As I remember, Christmas at Dillard’s was a big deal. Oh, it was not because there were lots of toys for all the girls and boys, because that generation hadn’t been born yet. No, Christmas was a big deal because… well Christmas is a big deal and Dillard was the real deal.

There were only about 11 families living in the community where I was raised. From the river to town was roughly 10 miles. So, we did not see one another very often. Seems like most of the women got together on Sundays, the men got together every Saturday night for the fox hunt and both men, women and children found themselves together celebrating Christmas on Christmas Eve in Dillard’s front yard. The men were mostly around the bonfire drinking coffee, the women around the wood cookstove in the kitchen and kids were running around chasing one another and mostly staying out of the way.

My favorite memory of the Christmas celebration was the kids all sitting on the front porch and listening to Dillard talk about Santa Claus and his reindeer.

He talked about Santa Claus like he was an old friend that he had known for years. I got the impression that they met a few times during the year to make sure Santa’s list was up-to-date and right. Dillard would look at each of us directly in the eye and with his gravelly and kindly old voice ask us, “Have you been good this year?” I’m sure that both of my regular readers remember that I hung around Dillard all year long; hunting and fishing and learning unimportant grownup stuff that he insisted would be good for me when I grew up. So, asking me had I been good was always a tough question because he pretty well knew how much I hated the 2nd grade, homework and girls… and not necessarily in that order, so I just nodded and hoped that Santa would be in an extra good mood this year.

He also told us stories about Santa’s reindeer and that was the most exciting part for me because I loved critters. And the idea that there were deer that could fly made for a great story. I wanted to know where they stayed the rest of the year and why I’d never saw one. We’d clamor for Dillard to sing Tex Ritter’s song about Rudolph. He was a pretty good country singer plus we liked to hear him try to remember all their names. He almost always remembered Rudolph and Donner, but I’m pretty sure none of them were named Daisy or Fixin’. But the song always came out right so it could be that my second-grade teacher had them wrong. Lord knows, there were lots of things she didn’t have a clue about… like when squirrel season started or what was the limit. It makes you wonder how she was even qualified to teach the second grade. But that’s a story for another day.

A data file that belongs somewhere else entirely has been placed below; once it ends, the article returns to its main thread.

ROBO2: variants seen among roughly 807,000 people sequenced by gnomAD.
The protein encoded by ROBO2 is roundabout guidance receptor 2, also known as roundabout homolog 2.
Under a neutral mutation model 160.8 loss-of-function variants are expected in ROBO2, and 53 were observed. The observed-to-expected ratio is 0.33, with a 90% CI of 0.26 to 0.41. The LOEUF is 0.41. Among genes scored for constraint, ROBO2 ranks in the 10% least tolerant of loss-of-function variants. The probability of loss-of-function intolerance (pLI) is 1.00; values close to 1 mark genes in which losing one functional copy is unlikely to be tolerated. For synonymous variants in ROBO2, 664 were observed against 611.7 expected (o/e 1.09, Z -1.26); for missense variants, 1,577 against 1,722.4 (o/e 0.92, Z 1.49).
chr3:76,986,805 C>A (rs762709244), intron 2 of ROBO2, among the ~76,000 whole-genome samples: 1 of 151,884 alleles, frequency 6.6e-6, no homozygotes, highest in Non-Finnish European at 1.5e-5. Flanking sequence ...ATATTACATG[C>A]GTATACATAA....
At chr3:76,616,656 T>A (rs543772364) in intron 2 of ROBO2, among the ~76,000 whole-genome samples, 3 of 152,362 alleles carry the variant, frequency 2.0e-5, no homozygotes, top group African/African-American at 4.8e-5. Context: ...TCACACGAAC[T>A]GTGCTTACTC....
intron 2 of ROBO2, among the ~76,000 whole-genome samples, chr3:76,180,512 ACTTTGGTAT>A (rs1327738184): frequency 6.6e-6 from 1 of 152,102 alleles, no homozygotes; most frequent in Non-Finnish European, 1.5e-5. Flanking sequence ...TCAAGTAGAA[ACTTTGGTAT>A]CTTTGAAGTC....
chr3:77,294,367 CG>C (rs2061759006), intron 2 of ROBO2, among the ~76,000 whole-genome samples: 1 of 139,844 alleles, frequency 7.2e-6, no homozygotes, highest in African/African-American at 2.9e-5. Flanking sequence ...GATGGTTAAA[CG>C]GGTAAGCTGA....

Then, over in the shank of the afternoon, the women came outside with the men and everybody gathered round the big old fire and just sang Christmas carols. Oh, it was fine… just fine. Then they brought out the popcorn and the kids began to string up the popcorn. With a needle and thread, we made strands of popcorn together to decorate the tree. It was great fun to try to make the longest string and I could have won if dumb old Lesley Johnson hadn’t of been sneaking a handful of popcorn out of my bowl when my back was turned. But even through the disappointment of losing the “longest strand of popcorn” contest, I had to admit it was an inspiring sight to see the tree so richly decorating with strings of popcorn drooped around the huge cedar tree freshly cut and smelling good!

A final cup of coffee, one last story and it was time to get back home to our own beds and wait for Santa.

Laying there, I felt loved, safe and secure with the “anything is possible” dreams about a jolly old fat man being pulled all over the world by his flying deer guided by a reindeer named Rudolph… and of course anchored by old Daisy and Fixin’. This night I was not an orphan, this night I was not forgotten, and this night I had it all. I then drifted off in peaceful slumber reserved for those who feel truly blessed.

Merry Christmas to all and to all a good night… except dumb old Lesley Johnson, you popcorn stealer!